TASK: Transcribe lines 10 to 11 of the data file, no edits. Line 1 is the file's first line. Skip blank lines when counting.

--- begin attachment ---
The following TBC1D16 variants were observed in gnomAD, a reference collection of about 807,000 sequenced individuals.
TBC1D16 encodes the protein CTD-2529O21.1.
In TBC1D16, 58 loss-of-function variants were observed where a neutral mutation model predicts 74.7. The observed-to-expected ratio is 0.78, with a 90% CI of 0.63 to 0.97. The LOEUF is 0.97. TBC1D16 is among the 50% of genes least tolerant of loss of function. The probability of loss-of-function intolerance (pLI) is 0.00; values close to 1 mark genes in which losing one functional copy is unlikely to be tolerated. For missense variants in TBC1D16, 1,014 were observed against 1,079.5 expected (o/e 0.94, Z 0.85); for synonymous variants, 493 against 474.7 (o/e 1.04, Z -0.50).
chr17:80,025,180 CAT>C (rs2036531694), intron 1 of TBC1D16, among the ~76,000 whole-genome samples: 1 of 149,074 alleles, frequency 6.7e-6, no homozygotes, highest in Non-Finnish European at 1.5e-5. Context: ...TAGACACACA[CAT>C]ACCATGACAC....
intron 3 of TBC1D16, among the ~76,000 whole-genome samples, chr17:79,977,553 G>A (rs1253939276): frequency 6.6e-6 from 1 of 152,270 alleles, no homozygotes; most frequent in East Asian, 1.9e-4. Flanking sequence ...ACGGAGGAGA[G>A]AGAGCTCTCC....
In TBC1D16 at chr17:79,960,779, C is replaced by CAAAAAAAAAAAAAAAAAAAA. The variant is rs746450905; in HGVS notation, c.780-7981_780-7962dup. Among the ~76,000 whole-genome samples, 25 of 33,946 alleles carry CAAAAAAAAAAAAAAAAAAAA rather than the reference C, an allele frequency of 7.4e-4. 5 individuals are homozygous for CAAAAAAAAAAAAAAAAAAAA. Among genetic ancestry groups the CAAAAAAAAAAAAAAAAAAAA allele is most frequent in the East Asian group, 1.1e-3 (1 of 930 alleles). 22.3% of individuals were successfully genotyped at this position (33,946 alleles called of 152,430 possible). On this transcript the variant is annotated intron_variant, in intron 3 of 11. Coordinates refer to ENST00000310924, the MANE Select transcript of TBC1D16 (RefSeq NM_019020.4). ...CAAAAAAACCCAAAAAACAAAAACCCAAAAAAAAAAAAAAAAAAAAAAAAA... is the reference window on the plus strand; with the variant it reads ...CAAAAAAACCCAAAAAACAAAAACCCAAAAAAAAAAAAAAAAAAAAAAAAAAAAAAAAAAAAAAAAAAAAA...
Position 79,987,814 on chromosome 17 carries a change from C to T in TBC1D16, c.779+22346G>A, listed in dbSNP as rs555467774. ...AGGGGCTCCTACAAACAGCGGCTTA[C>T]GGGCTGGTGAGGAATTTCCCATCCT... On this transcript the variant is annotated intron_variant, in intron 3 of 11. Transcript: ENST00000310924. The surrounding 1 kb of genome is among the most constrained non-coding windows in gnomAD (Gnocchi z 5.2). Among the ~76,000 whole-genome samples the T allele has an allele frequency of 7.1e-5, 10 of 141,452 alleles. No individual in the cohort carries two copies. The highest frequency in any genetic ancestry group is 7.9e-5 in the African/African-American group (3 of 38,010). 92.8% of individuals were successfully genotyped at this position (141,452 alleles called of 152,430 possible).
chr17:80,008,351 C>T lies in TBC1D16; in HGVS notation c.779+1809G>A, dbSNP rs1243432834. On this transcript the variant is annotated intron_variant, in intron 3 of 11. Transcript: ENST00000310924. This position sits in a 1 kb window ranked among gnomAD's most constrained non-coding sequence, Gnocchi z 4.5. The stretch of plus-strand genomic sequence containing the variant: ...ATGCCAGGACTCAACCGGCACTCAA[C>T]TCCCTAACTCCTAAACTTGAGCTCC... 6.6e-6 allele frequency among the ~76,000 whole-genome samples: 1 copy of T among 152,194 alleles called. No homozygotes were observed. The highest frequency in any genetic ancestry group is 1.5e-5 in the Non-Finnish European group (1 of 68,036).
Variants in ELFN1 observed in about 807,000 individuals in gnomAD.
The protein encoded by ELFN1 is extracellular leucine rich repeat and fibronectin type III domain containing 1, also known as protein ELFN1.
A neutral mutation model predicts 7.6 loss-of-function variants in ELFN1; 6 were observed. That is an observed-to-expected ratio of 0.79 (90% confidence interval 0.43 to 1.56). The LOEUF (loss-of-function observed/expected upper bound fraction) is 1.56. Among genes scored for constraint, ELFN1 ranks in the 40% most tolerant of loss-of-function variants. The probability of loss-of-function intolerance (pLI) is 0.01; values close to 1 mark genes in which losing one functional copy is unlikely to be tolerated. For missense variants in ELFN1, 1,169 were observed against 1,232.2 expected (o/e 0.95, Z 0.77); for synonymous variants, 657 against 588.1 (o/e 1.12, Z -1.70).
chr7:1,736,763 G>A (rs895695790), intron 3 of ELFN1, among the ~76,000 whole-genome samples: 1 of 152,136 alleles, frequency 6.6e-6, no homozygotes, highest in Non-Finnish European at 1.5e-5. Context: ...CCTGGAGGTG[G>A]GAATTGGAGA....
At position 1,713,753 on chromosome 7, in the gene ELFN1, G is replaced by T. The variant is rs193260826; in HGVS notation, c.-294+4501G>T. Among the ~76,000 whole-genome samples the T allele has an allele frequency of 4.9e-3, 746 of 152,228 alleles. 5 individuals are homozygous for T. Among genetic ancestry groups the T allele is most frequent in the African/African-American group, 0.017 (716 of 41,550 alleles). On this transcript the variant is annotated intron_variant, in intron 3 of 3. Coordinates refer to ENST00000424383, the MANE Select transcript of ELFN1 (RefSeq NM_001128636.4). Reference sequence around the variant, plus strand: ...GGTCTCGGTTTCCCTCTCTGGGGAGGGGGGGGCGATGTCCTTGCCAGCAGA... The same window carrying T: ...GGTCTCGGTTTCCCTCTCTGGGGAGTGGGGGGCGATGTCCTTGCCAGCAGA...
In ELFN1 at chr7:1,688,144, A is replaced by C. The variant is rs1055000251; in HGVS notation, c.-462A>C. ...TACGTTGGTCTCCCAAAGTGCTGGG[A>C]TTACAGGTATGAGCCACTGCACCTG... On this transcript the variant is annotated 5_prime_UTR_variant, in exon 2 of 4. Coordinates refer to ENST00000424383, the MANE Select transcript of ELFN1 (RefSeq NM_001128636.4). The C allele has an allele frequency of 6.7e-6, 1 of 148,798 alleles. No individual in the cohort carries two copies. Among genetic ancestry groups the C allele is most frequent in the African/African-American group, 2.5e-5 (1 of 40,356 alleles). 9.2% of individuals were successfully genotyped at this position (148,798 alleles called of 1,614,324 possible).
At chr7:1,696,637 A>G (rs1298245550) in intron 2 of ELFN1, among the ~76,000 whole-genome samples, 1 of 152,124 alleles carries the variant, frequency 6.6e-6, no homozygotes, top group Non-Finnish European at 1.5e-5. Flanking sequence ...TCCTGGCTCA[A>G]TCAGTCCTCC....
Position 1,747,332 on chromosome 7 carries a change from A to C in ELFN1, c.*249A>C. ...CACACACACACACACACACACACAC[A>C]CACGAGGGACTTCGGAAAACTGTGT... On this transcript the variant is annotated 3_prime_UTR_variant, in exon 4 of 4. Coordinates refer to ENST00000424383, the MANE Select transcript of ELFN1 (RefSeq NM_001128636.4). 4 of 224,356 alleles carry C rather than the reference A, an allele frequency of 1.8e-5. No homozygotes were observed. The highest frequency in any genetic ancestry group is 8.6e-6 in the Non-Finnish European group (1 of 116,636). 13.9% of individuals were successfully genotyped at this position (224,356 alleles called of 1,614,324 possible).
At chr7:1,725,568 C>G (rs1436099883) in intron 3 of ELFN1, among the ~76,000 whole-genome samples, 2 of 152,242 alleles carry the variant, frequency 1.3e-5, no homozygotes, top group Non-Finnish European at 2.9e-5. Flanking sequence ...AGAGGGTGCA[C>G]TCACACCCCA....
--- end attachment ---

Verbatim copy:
The protein encoded by ELFN1 is extracellular leucine rich repeat and fibronectin type III domain containing 1, also known as protein ELFN1.
A neutral mutation model predicts 7.6 loss-of-function variants in ELFN1; 6 were observed. That is an observed-to-expected ratio of 0.79 (90% confidence interval 0.43 to 1.56). The LOEUF (loss-of-function observed/expected upper bound fraction) is 1.56. Among genes scored for constraint, ELFN1 ranks in the 40% most tolerant of loss-of-function variants. The probability of loss-of-function intolerance (pLI) is 0.01; values close to 1 mark genes in which losing one functional copy is unlikely to be tolerated. For missense variants in ELFN1, 1,169 were observed against 1,232.2 expected (o/e 0.95, Z 0.77); for synonymous variants, 657 against 588.1 (o/e 1.12, Z -1.70).